Word of the day

June 28, 2019

Firtle – fidget or move distractedly; mess around; waste time; look busy despite doing very little.


Sowell says

June 28, 2019


Rural round-up

June 28, 2019

More good farmland lost forever:

News that two large New Zealand farms have been sold off-shore, largely for forestry is depressing according to 50 Shades of Green spokesman Mike Butterick. The same owner has purchased both properties.

One farm is 734,700 hectares at Eketahuna that sold for $3.35 million. The other is 1037,000 hectares in Wairoa sold for $6 million.

“It’s bad enough having the land sold to foreigners but having good productive farmland sold for forestry and subdivision is criminal,” Mike Butterick said. . .

Decision time at Westland for Yili bid – Keith Woodford:

The time has come when Westland’s dairy farmers must make their decision. Do they want to take the money and go with Chinese mega-company Yili, or do they wish to struggle on as a co-operative?  We will know the answer after the July 4 vote.

If farmers vote to take the money, it will then be up to the Government to agree or refuse to accept Yili as the new owner. I will be surprised if they disallow the sale under the relevant OIO provisions. The ramifications of that would be severe.

Also important is whether or not the approval from Government is quick or drawn out. It is in no-one’s interest that it be drawn out, but OIO approvals can be remarkably slow.  Yili could step away if approval is not forthcoming by 31 October. . . 

NZ First is not alone in worrying at the implications of a Westland Milk sale to Yili – Point of Order:

Is   Westland  Milk   one of  NZ’s  “key  strategic assets”?

NZ  First  is adamant  it is and believes the government  should be a  applying a  “national interest test”   to the proposed  sale of the company  to the Chinese  dairy giant Yili.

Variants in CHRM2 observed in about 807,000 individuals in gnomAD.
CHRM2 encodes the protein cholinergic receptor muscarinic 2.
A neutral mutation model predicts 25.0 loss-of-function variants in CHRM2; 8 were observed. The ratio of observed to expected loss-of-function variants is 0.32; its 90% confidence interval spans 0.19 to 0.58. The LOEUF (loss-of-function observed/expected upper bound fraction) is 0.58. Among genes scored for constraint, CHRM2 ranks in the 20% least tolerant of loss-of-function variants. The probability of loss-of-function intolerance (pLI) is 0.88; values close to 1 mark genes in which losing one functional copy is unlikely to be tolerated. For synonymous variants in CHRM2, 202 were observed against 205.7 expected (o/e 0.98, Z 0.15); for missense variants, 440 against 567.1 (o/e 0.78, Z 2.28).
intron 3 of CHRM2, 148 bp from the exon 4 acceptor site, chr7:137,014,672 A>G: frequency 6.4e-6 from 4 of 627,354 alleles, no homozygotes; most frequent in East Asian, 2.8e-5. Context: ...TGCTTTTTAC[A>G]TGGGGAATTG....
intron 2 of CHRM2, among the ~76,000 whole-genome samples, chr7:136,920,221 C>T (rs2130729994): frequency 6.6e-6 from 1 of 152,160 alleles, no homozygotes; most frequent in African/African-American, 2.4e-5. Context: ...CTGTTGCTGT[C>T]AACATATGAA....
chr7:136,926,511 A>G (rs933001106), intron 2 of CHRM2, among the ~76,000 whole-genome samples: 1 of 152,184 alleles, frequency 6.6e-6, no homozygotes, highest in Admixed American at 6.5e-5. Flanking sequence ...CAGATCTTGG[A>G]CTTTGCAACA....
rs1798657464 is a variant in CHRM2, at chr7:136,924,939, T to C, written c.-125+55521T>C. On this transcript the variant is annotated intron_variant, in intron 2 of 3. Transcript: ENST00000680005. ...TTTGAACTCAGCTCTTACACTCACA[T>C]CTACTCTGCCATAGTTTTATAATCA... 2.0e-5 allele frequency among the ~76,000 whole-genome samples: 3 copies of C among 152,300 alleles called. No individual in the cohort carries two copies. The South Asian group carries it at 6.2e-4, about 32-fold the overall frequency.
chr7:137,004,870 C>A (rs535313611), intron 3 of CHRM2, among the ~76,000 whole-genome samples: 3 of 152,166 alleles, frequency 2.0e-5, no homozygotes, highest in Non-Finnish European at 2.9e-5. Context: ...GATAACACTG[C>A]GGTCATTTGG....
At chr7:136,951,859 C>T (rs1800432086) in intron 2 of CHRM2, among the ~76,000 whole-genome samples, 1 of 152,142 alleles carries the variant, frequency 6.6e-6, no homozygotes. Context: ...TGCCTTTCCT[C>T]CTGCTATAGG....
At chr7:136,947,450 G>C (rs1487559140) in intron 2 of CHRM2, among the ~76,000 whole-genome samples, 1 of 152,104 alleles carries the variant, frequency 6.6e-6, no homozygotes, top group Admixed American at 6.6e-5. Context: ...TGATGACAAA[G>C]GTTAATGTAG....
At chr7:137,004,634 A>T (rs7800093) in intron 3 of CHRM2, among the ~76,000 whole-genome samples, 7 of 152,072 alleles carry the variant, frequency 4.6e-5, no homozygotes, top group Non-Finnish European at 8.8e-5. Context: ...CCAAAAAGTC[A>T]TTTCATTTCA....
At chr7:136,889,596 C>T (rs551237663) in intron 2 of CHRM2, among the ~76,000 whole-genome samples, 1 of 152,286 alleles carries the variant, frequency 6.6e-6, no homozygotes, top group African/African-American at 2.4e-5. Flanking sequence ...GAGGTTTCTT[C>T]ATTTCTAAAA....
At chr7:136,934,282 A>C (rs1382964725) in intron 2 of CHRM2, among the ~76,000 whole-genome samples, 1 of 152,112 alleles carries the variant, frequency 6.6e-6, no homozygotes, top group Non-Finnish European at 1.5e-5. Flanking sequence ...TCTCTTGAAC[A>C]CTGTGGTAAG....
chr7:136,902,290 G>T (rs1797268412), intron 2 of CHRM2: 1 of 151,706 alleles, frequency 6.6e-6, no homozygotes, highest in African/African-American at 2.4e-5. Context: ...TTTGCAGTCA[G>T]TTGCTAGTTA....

Those  who  see  heavily indebted  companies  like Westland Milk struggling to  make a profit and  not  even  matching  Fonterra’s payout  to its suppliers might take a  cooler view  to  the proposed  sale. . . 

Minister heaps more costs on farmers:

The Minister of Agriculture has confirmed he hasn’t bothered asking his officials the costs farmers will face as a result of the high methane target the Government is imposing, National’s Agriculture spokesperson Nathan Guy says.

“When questioned in Primary Production Select Committee Damien O’Connor scrambled to confirm he’d seen no specific advice for costs per farm, nor has he even asked for any.

“Cabinet have blindly cooked up a methane reduction target of 24-47 per cent, despite scientific evidence suggesting this is too high and without knowing the costs per average farm and the impact it will have on rural communities. . .

Downsizing opens gate to A2/A2 farm:

He’s a dairy farmer with a passion for breeding, striving to be “at the front of the game.” She’s a converted city-girl who fell in love with the dairy farmer, despite her aversion to typical milk.

It doesn’t agree too well with my system,” Stacey White says.

“I used to have soy and almond milk and I’ve tried both them and rice milk; nothing’s really appealed in terms of taste, and baking with those substitutes doesn’t really work either.” 

So when Stacey became aware of A2/A2 milk 18 months ago, she tried it out and found it tasty, creamy, and, crucially, easily digestible.*  . . 

LIC migrates to NZX’s Main Board:

Herd improvement and agritech co-operative LIC will move to the Main Board of the NZX (NZSX) next month, transferring from the Alternative Board.

This comes as NZX announced it will move to a single equities board from July 1 and close the NZAX and NXT.

Of the companies migrating, LIC is the largest by market capitalisation, at approximately $109 million.

There are around 14 agritech companies featured on the NZX Main Board and only one other farmer-owned co-operative (Fonterra). . . 

How NZ farming is like a Steinway piano – Glen Herud:

I wonder if we rely too much on our pasture-based farming or our beautiful scenery or our clean image.

What if the things we think are our strengths are actually weaknesses?

Steinway and Sons had been the leading maker of grand pianos since 1853 when their business was crippled by Yamaha.

Professor Howard Yu explains how Steinway held on to their main strength for far too long and it eventually became a weakness. . .

 


Commonsense emergency

June 28, 2019

The Queenstown Lakes District Council has joined several others in declaring a climate emergency: